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Posts tagged with "google maps"

What Happened to Google Maps?

Fascinating study by Justin O'Beirne on how Google Maps changed from 2010 to 2016 – fewer cities, more roads, and not a lot of balance between them on a map at the same zoom level.

He writes:

Unfortunately, these "optimizations" only served to exacerbate the longstanding imbalances already in the maps. As is often the case with cartography: less isn't more. Less is just less. And that's certainly the case here.

As O'Beirne also notes, the changes were likely made to provide a more pleasant viewing experience on mobile devices.

I understand his point of view – the included examples really make a solid case – but I can also see why Google may consider the average user (looking up points of interest nearby, starting navigation on their phone) and think that most users don't want that kind of cartographic detail anymore.

It'd be interesting to see the same comparisons between Apple and Google, as well as between old Apple Maps and Apple Maps today.

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Google Maps for iPhone Adds Pit Stops

Aditya Dhanrajani, writing on the Google Maps blog:

Life is full of the unexpected—things that send us scrambling for a gas station in the middle of nowhere, looking up a florist on our way home from work or searching for a restaurant as we tour the back roads of our latest vacation destination. Finding and navigating to these last-minute pit stops used to force you out of navigation mode in Google Maps—and away from the traffic updates, turn-by-turn directions and map you rely on to stay on track.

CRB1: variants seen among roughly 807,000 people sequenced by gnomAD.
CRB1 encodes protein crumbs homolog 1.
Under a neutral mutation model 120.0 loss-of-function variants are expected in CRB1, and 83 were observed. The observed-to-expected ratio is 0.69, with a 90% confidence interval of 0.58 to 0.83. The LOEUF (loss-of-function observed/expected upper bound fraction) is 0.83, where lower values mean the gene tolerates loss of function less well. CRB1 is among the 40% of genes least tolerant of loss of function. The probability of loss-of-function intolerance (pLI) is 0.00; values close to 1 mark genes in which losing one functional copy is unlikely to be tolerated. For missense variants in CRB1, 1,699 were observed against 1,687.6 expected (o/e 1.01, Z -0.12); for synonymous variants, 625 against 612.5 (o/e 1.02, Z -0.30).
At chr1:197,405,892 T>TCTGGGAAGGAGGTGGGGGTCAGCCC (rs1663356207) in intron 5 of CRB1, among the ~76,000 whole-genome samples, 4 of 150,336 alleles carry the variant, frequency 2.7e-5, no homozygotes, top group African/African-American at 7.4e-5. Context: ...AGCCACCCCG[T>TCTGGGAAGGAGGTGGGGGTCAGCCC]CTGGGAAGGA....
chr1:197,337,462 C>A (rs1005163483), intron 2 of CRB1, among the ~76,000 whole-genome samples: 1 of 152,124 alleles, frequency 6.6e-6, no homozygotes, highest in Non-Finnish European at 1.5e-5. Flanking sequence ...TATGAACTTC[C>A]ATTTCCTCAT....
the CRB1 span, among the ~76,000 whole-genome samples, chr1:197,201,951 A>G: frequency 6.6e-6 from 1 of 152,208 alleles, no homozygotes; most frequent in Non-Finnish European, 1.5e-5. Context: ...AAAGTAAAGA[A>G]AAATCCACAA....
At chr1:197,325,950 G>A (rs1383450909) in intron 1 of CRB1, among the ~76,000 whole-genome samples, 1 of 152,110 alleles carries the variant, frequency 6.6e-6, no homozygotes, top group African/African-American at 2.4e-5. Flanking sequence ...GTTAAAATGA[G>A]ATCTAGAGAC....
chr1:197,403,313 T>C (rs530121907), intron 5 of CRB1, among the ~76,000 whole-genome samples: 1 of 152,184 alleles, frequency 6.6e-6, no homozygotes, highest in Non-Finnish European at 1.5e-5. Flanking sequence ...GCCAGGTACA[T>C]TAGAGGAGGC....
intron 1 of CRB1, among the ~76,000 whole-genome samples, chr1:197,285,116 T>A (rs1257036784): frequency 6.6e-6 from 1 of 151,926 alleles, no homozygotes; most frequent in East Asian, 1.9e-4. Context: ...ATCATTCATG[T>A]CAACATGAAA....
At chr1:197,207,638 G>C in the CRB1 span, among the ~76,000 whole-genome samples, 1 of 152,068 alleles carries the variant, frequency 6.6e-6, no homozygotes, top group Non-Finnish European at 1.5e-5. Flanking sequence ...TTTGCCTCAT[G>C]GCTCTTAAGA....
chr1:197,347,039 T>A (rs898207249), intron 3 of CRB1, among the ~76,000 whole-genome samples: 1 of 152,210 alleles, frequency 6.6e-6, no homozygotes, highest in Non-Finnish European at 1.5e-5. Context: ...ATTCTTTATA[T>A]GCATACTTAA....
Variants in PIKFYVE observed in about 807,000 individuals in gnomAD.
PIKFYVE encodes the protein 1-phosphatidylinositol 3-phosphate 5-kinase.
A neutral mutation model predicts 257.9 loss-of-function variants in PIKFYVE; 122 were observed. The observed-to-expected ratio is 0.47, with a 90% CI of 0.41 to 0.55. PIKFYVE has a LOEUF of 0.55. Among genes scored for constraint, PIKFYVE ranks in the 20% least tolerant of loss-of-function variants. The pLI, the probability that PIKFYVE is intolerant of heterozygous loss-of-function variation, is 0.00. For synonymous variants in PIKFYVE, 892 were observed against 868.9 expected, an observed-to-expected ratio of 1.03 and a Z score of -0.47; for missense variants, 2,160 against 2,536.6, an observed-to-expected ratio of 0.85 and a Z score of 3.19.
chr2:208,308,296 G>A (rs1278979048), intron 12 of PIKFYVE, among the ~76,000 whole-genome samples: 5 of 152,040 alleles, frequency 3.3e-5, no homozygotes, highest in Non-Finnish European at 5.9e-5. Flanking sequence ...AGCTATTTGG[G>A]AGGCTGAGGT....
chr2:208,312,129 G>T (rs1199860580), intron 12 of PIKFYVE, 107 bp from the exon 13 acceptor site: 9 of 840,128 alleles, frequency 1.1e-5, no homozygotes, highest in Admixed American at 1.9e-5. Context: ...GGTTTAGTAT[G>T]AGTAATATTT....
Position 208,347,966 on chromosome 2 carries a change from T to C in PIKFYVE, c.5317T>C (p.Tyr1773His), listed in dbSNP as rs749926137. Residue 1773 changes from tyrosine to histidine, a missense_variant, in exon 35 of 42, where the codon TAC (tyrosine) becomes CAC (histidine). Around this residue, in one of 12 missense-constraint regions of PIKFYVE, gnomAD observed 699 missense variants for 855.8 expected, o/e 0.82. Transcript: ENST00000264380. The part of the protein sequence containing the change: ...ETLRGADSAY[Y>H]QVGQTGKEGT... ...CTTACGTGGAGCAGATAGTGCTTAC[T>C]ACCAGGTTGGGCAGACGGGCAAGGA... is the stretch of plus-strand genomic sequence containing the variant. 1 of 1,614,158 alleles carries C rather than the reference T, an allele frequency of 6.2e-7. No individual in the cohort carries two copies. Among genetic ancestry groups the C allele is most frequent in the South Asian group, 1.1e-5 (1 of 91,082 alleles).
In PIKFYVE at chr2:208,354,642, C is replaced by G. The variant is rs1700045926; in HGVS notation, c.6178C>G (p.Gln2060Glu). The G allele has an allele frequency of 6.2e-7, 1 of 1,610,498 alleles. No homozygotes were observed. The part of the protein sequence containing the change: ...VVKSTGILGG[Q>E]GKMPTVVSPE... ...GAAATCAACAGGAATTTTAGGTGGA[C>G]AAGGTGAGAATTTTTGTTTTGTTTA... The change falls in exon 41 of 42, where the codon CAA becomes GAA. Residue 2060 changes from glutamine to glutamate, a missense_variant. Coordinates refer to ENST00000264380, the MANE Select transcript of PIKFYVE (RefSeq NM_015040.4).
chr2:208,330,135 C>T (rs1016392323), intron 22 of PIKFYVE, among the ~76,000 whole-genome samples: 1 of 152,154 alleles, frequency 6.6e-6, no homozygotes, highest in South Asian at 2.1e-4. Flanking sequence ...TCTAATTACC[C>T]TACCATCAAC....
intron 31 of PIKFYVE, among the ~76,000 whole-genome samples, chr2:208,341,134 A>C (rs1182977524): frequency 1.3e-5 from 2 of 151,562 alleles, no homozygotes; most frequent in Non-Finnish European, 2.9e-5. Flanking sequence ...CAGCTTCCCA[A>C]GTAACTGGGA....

That changed last October with an update to Google Maps for Android that lets you add detours to your route, without ever leaving navigation mode. And starting today, this feature will start rolling out on iOS as well, in any country where we offer navigation—more than 100 worldwide. So no matter where you’re from, where you are, or whether you use Android or iPhone, making a pit stop is now a breeze.

This is going to be useful in Rome (which I don't know well enough) and it's another differentiator from Apple Maps. I also like that they added the ability to 3D Touch the app icon and start navigation to your Home address.

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Google Maps Gets Apple Watch App

Google has released an update to its Google Maps app for iOS today, including a new version for Apple Watch. I was curious to check out Google Maps' debut on the Watch: while I knew that they couldn't replicate the experience of Apple's excellent Maps app, I was hoping that watchOS 2 would give them some room for experimentation.

Instead, Google has shipped a basic Watch app that shows a list of directions for Home and Work addresses configured in the iPhone app. I guess this could be useful if you've been looking for a way to print out directions on your Watch's screen, but I don't know why you wouldn't use your iPhone for that, with proper navigation tools and spoken feedback. Missed opportunity for Google considering they could have at least included a complication for quick access to the app.